Gallup Poll Reveals Best, Worse Gender Gaps for Working Women - PICTURES

Women in 26 percent of the world's countries are less likely than men to be employed at capacity, according to July data released by Gallup. In this instance, "at capacity" refers to people in the workforce working full-time or part-time for an employer, but not seeking full-time work.

Gallup found gender gaps up to more than 20 percentage points for some countries, while other countries had more women working at capacity than men.

According to Gallup, the Employed at Capacity for an Employer Index has strong correlations to the gross domestic product, household income, and well-being. It is not comparing data to the total population, but rather to able adults who are working, or available and looking for work.

Countries that are most likely to have women working at capacity for employers include Kuwait, Singapore, and Sweden. Countries least likely include Burkina Faso, the Central African Republic, and Guinea. The likelihood of having women working at capacity often correlated to the overall job climate for the country for both men and women.

Don't keep your hopes up for the U.S., however. The States boast just a -9 index, with 61 percent of women working full-time or part-time (and not wanting work), compared to 70 percent of men.

"Women clearly need better employment opportunities. Social norms in individual countries may explain many of the gender gaps in employment. However, policies in individual countries that encourage decent job opportunities for everyone and encourage women to pursue higher education may help level the playing field," Jenny Marlar and Kyley McGeeney wrote for Gallup.

Below, we've compiled a slideshow of the lowest and highest gender gaps in the workplace. Higher negative numbers indicate wider gender gaps; higher positive numbers indicate the reverse.

Overlooking downtown Quito, Ecuador (National Journal)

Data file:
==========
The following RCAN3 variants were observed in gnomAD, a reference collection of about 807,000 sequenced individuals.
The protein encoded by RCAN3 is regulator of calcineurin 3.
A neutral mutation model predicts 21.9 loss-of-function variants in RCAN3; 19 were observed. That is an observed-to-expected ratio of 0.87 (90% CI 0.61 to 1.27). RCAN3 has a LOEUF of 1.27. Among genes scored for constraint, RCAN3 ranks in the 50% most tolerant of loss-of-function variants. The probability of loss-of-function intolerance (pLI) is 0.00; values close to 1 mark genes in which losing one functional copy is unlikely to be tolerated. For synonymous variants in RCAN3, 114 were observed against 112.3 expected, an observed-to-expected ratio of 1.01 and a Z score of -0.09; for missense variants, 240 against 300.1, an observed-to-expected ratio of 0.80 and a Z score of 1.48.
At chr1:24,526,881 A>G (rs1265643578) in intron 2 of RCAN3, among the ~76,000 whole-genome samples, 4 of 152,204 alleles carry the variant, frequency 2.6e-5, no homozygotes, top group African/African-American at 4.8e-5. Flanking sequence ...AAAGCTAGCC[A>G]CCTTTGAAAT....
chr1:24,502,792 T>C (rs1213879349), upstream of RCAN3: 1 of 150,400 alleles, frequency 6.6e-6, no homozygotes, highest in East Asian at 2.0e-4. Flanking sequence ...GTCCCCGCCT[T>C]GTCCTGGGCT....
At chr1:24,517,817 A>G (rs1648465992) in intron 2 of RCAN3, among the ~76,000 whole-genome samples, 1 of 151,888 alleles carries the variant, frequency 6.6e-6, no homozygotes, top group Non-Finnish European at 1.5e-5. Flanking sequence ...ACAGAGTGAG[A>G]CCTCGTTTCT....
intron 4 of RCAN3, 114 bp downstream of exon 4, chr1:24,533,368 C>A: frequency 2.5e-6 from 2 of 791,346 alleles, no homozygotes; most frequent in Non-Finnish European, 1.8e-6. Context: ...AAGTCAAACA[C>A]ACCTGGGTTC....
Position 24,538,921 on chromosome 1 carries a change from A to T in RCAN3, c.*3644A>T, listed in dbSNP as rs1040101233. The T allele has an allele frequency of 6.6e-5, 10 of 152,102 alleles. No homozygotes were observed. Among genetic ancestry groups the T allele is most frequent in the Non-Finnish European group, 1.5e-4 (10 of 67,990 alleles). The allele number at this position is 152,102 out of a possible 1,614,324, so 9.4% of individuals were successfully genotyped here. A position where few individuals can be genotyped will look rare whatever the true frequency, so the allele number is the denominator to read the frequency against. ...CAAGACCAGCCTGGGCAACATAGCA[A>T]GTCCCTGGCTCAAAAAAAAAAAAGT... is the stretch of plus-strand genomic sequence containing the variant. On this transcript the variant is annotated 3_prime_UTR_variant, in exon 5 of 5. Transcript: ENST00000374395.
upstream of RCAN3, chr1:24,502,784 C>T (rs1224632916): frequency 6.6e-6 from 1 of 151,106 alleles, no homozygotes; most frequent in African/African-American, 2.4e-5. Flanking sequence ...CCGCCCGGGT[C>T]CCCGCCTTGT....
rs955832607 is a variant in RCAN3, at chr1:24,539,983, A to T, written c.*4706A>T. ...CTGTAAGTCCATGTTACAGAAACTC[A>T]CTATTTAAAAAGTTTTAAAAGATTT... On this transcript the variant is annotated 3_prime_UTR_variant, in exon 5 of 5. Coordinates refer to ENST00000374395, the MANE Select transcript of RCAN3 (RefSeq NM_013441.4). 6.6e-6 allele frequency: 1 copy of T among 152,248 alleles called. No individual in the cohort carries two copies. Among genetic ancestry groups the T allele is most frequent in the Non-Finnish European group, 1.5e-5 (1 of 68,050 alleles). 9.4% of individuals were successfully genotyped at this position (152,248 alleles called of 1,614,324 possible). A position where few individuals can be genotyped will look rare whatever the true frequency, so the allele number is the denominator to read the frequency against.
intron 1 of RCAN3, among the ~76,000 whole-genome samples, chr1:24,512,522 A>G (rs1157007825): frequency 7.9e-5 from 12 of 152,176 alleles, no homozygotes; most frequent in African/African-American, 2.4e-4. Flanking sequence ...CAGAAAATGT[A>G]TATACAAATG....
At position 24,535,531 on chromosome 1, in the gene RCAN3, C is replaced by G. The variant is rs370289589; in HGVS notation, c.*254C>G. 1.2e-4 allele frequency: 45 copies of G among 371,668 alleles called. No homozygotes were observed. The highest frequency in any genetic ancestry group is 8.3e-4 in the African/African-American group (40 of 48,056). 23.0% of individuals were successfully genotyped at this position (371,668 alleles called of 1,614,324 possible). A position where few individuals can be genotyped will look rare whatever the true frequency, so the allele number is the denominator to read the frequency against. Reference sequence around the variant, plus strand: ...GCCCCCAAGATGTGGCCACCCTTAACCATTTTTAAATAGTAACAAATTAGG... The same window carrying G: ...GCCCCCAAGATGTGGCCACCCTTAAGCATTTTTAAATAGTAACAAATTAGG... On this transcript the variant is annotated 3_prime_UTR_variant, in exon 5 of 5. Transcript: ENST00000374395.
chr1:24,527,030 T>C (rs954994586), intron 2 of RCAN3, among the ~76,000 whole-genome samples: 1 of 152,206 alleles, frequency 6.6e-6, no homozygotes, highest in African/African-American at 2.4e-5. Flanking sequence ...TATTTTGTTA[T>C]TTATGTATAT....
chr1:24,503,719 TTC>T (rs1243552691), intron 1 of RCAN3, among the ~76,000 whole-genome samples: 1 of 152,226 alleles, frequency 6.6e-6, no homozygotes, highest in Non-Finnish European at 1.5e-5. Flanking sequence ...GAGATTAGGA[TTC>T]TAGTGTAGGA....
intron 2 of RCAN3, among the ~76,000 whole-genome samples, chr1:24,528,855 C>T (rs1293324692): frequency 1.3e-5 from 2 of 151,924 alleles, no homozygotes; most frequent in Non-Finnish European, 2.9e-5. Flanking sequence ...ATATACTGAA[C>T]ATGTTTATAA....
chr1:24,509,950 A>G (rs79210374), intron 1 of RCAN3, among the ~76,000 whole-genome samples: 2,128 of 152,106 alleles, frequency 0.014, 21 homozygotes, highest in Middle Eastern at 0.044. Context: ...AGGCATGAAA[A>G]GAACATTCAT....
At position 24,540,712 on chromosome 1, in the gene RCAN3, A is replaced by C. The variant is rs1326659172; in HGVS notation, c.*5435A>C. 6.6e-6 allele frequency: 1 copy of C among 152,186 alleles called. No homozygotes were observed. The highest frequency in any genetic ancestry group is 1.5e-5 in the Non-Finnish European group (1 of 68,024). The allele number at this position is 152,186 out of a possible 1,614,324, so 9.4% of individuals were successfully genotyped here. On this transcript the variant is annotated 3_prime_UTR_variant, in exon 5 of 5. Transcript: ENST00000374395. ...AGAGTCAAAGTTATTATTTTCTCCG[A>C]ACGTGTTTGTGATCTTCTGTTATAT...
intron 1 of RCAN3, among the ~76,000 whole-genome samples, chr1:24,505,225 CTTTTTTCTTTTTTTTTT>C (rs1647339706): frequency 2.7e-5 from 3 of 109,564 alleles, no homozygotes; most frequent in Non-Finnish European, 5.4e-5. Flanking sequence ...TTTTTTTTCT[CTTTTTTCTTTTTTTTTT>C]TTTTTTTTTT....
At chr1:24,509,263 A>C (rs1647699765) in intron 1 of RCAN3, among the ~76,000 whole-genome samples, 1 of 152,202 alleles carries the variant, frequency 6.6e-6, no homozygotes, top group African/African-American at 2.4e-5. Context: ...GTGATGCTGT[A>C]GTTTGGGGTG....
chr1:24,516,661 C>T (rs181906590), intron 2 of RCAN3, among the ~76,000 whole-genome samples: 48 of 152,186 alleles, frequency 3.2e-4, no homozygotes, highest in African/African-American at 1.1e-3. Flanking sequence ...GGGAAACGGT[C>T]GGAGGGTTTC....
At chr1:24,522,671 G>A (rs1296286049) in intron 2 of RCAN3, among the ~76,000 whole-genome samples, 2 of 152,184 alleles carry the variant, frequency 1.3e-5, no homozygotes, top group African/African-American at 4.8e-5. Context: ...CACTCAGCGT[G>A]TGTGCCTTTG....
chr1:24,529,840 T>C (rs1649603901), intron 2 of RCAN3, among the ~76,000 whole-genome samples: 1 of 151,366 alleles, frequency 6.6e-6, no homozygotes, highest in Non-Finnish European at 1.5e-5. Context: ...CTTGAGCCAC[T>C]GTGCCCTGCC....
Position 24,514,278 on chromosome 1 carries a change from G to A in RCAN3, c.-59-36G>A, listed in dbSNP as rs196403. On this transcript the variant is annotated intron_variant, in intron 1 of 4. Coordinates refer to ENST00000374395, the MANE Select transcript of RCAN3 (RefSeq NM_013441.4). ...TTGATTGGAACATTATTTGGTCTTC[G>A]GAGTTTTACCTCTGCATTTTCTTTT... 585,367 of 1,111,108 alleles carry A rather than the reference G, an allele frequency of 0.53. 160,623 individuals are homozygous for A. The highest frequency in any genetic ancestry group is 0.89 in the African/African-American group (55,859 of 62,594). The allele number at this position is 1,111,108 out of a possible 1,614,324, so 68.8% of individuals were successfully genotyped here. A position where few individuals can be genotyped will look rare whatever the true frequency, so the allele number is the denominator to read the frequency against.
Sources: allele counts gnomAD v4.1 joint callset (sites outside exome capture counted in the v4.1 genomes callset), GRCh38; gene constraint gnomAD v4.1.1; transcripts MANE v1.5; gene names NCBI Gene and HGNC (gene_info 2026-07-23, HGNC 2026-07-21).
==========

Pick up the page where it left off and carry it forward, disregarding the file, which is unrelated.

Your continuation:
Tens of thousands of Muslim pilgrims move around the Kaaba, seen at center, inside the Grand Mosque, in Mecca, Saudi Arabia, Thursday, Nov. 3, 2011. The annual Islamic pilgrimage draws three million visitors each year, making it the largest yearly gathering of people in the world. The Hajj will begin on November 5. (AP Photo/Hassan Ammar) (National Journal)
Overlooking La Paz, Bolivia from Europa Hotel (National Journal)
A street view in Tegucigalpa, Honduras (National Journal)
World Trade Center in Bahrain (National Journal)
Security officers stand guard in front of Lebanon's parliament building where leaders were meeting for an inter-Lebanese national dialogue designed to resolve the country's deep divisions since the end of Syrian domination, in Beirut, Lebanon, Friday, March 3, 2006. Lebanon's rival leaders sought a solution Friday to two of the country's most contentious issues _ the fate of their pro-Syrian President Emile Lahoud and Hezbollah's weapons. (AP Photo/Hussein Malla) (National Journal)
The National Assembly of Serbia is one of the most important achievements of recent Serbian architecture. (National Journal)
People stand in front of the cathedral in Helsinki, Finland, the host city of the European Athletics, Tuesday, June 26, 2012. (AP Photo/Martin Meissner) (National Journal)
Mongolian women take part in an archery competition during the Naadam Festival in Ulan Bator, Mongolia Wednesday, July 11, 2012. Mongolians celebrate the anniversary of Genghis Khan's march to world conquest on July 11 with the annual sports festival featuring traditional Mongolian events including wrestling, archery, and horse racing. (AP Photo/Andy Wong) (National Journal)
The River Liffey flows past the Ha'penny Bridge in Dublin, Ireland, on Friday June 29, 2012. The cast-iron pedestrian bridge, erected in 1816, is an architectural icon of the capital that connects the Temple Bar tourism quarter on the south bank with the Henry Street shopping district on the north. The bridge is named Ha'penny _ and pronounced HAY-puh-nee _ because it originally cost a toll of a half-penny to walk across it. Today it's free. (AP Photo/Shawn Pogatchnik) (National Journal)